Eating  Dining  Shopping

There are all types of restaurants in Florence. Many are specifically aimed at tourists and have prominently displayed fixed-price (but mediocre) menus. To ensure a memorable meal, eat where the Italians eat.
For a simple lunch, try a slice of fresh-baked pizza to go or a quick snack in a vinaio or fiaschetteria, traditional wine bars.
Food markets are particularly tempting. Tuscan food is simple and excellent, with plenty of soups, superb pork dishes, grilled meats and vegetables. Bean dishes are especially popular (Tuscans are fondly nicknamed mangiafagioli, or “bean-eaters”).
The most famous wine is Chianti, but look for Brunello di Montalcino, a superb red from Tuscany. No meal is complete without a bottle of Chianti!



The fall of the Roman Empire saw a flurry of barbarian invasions. It wasn’t until the Longobard (6th to 8th centuries) dominance and duchy (with Lucca as capital) that things began to settle again. The invasions weren’t as bad in Tuscany as they were in other parts of Italy, this fact doubtlessly leading to the relative pre-eminence of Tuscan cities during the Middle Ages.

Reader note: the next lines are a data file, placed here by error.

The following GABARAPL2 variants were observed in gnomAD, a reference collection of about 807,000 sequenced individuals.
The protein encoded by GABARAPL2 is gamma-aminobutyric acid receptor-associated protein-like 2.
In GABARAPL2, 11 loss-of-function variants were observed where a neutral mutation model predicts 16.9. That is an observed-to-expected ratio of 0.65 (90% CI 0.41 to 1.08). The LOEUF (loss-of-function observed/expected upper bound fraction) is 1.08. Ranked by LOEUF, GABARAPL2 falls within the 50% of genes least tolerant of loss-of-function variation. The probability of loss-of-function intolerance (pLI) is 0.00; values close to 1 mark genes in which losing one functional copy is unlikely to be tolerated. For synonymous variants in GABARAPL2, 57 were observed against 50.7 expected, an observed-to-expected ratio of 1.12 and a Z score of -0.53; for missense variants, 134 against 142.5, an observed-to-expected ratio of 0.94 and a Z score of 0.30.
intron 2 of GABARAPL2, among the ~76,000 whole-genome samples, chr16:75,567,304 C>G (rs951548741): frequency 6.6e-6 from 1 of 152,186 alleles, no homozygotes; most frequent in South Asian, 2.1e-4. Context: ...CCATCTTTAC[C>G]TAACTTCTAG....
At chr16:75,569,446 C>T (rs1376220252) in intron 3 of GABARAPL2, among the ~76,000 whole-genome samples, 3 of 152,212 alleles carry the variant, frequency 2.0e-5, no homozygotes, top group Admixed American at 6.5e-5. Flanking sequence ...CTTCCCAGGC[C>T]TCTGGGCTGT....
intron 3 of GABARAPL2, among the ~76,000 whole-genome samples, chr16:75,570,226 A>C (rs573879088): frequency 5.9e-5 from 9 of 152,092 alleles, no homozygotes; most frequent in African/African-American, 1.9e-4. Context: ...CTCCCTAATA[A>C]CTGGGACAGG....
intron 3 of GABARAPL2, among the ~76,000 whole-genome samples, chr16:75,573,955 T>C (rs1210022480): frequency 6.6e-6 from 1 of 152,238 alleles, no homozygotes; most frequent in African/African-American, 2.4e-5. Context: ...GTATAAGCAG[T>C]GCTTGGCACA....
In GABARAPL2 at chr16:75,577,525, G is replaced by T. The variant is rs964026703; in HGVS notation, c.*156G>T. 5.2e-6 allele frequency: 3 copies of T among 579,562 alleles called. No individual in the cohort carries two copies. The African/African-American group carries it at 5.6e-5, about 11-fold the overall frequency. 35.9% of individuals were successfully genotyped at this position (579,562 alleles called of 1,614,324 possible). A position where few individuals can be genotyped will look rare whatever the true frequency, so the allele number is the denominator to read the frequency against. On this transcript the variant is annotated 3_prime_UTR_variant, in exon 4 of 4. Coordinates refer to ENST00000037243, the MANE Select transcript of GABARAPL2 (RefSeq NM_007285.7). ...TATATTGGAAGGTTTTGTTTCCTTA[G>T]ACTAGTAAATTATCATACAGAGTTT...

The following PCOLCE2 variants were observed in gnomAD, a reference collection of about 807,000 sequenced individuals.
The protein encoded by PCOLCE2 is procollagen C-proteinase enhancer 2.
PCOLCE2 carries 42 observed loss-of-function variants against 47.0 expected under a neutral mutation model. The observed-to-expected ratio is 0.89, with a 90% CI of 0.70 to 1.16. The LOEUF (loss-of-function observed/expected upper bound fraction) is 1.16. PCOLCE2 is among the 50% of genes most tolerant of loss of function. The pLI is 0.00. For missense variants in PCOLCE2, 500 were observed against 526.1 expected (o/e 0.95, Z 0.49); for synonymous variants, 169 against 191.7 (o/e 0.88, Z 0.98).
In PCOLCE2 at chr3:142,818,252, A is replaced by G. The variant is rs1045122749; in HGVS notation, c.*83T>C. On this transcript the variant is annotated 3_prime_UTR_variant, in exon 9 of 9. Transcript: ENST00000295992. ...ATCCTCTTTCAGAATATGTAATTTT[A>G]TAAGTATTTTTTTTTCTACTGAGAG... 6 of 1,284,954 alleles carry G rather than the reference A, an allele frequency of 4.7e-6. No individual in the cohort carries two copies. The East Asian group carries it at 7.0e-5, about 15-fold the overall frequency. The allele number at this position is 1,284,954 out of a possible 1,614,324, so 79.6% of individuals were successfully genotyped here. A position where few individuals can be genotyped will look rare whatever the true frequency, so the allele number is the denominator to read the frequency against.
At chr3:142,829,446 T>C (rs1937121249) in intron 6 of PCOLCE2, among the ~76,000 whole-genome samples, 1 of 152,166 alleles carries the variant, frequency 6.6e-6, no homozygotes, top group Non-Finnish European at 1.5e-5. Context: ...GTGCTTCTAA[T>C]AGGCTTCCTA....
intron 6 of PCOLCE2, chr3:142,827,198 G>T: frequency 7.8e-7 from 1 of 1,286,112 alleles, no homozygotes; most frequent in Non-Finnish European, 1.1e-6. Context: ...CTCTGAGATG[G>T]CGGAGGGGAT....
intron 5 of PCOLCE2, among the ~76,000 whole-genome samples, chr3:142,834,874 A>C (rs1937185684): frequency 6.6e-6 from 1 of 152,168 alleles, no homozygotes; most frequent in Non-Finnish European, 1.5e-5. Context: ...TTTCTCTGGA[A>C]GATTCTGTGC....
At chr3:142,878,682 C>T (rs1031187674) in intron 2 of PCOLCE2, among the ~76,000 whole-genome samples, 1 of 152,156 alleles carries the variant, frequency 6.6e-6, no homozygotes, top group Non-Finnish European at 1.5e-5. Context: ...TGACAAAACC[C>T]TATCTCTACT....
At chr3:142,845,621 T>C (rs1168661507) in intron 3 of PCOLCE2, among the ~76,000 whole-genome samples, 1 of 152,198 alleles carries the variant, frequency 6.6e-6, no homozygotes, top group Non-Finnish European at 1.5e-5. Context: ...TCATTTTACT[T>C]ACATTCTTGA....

The struggle between the Papacy and the Holy Roman Empire – between Bishops and feudal rulers – also saw the involvement of the wealthy merchants and traders of the major cities. They were either Guelphs (siding with the Pope) or Ghibellines (siding with the Emperor – the most famous Ghibelline being Frederick Barbarossa), but whatever their allegiance, these key figures became increasingly wealthy and independent. This trend was the starting point for the formation of the Tuscan Communes, with their impressive craftsmanship and trading prowess that rapidly led to great wealth and influence.

Tuscany was particularly hard hit during the Second World War; the front line was at one time formed by the Arno River, and later there was the so-called Gothic Line. Florence, Pisa and Livorno were very badly damaged by intensive bombing, and the region took a very active role in the Resistance, as it did with the vigorous post-war reconstruction.


Useful telephone numbers

Emergency Number (Police) – 112
Airport Information; (Pisa International airport) Tel; (0)50 849 111

Train station: Trenitalia Call Center 89 20 21

Tourist Office: +39 55 212245

Holiday rents online:

National Transport Line

24 hour medical service 118